4 VDD is applied. Differentiator input is in Hi-Z state. LS_OUT remains unchanged. Long timebase

Figure 3. VDD is applied. Differentiator input is in Hi-Z state. LS_OUT remains unchanged. Small timebase

Figure 4 VDD is applied. Differentiator input is in Hi-Z state. LS_OUT remains unchanged. Long timebase

VDD noise. Differentiator input is in i-Z state. LS_OUT remains unchanged

HIGH level on differentiator input omes after VDD. LS_OUT now goes HIGH

Figure 5. VDD noise. Differentiator input is in i-Z state. LS_OUT remains unchanged

Figure 6. HIGH level on differentiator input omes after VDD. LS_OUT now goes HIGH

HIGH level on differentiator input comes efore VDD. LS_OUT remains LOW

Fast Level Shifter operation. Period of Input signal is 5 seconds

Figure 7. HIGH level on differentiator input comes efore VDD. LS_OUT remains LOW

Figure 8. Fast Level Shifter operation. Period of Input signal is 5 seconds

Level Shifter operation. Period of Input signal is 50 ms

 Level Shifter operation. Period of Input signal is 10 ms

Figure 9. Fast Level Shifter operation. Period of Input signal is 50 ms

Figure 10. Fast Level Shifter operation. Period of Input signal is 10 ms

Level Shifter operation. Period of Input signal is 2 ms

Level Shifter operation. Period of Input signal is 2 us

Figure 11. Fast Level Shifter operation. Period of Input signal is 2 ms

Figure 12. Fast Level Shifter operation. Period of Input signal is 2 us

Fast Level Shifter operation.

Fast Level Shifter operation.

Figure 13. Fast Level Shifter operation. Input signal period is 200 ns (5 MHz). Waveform is limited by oscilloscope probes and parasitic capacitances. Also, pin-to-pin propagation delay influence is visible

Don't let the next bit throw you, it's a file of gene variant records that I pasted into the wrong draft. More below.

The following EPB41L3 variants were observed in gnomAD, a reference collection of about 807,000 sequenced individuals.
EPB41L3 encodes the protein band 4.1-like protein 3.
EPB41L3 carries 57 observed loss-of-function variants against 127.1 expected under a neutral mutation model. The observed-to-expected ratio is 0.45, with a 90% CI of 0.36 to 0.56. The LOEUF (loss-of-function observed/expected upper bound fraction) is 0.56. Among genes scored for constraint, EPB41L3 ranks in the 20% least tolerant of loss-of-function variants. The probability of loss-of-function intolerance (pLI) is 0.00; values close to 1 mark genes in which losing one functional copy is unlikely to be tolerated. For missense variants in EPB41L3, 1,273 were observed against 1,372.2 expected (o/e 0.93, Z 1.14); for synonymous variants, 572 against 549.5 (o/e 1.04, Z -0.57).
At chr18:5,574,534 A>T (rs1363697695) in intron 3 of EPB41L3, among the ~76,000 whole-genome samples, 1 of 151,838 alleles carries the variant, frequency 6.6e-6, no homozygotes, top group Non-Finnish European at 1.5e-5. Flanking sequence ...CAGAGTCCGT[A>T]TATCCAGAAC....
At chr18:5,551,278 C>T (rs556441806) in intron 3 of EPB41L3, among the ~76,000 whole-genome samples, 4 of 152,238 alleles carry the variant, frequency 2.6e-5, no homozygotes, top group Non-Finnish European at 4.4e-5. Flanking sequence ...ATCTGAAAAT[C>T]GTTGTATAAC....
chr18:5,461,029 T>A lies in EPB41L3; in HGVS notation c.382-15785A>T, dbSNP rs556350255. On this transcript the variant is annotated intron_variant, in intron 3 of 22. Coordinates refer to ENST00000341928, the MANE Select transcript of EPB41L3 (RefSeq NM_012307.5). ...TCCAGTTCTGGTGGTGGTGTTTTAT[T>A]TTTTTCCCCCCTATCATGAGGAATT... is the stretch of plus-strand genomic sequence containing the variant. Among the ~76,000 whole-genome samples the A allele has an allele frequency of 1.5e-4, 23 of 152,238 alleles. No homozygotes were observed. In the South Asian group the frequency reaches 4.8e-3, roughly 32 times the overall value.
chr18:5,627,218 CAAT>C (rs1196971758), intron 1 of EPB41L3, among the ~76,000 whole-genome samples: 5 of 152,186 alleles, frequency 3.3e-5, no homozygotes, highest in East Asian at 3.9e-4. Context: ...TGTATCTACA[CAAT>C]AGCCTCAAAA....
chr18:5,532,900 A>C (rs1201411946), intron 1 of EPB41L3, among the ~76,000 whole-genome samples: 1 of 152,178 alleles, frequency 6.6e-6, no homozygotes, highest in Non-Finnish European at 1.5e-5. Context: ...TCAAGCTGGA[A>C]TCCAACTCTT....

Figure 14. Fast Level Shifter operations. Period of Input signal is 42 ns. Propagation delay time reates effect of phase shift for 180 degrees. The elay time effect is VDD dependent

Fast Level Shifter operation.

Fast Level Shifter operation.

Figure 15. Fast Level Shifter operation. Input ignal period is 25 ns. Waveforms are probe bandwidth limited

Figure 16. Maximum falling edge ramp rate on differentiator input

Maximum rising edge ramp rates on differentiator input.

Maximum rising edge ramp rates on differentiator input.

Figure 17. Maximum rising edge ramp rates on differentiator input

Figure 18. Maximum rising-falling edge ramp rates on differentiator input

The design configuration may be found in Appendix1. The full schematic of the Fast Level Shifter may be found in Appendix 2.

Conclusion

The Fast Level Shifter can be used as a level shifter in designs where higher frequency of operation is desired. In such cases, it is a good replacement for the usual schematic with the Low Voltage Digital Input. Flexibility and simplicity of this circuit allows use in specific designs that allow edge triggering.

Appendix 1

 Block Diagram for Design

Figure 1.1. Block Diagram for Design

Appendix 2

Fast Level Shifter schematic

Figure 2.1. Fast Level Shifter schematic

About the Author

Name: Serhiy Prykhodko

Background: Serhiy Prykhodko joined Silego in 2012, working as a design engineer with experience in low power analog systems, developing digital and analog custom CMIC circuits, and providing design guidelines. Prior to that he designed high reliability and secure smart home systems at Melask and Cenitec.

Contact: appnotes@silego.com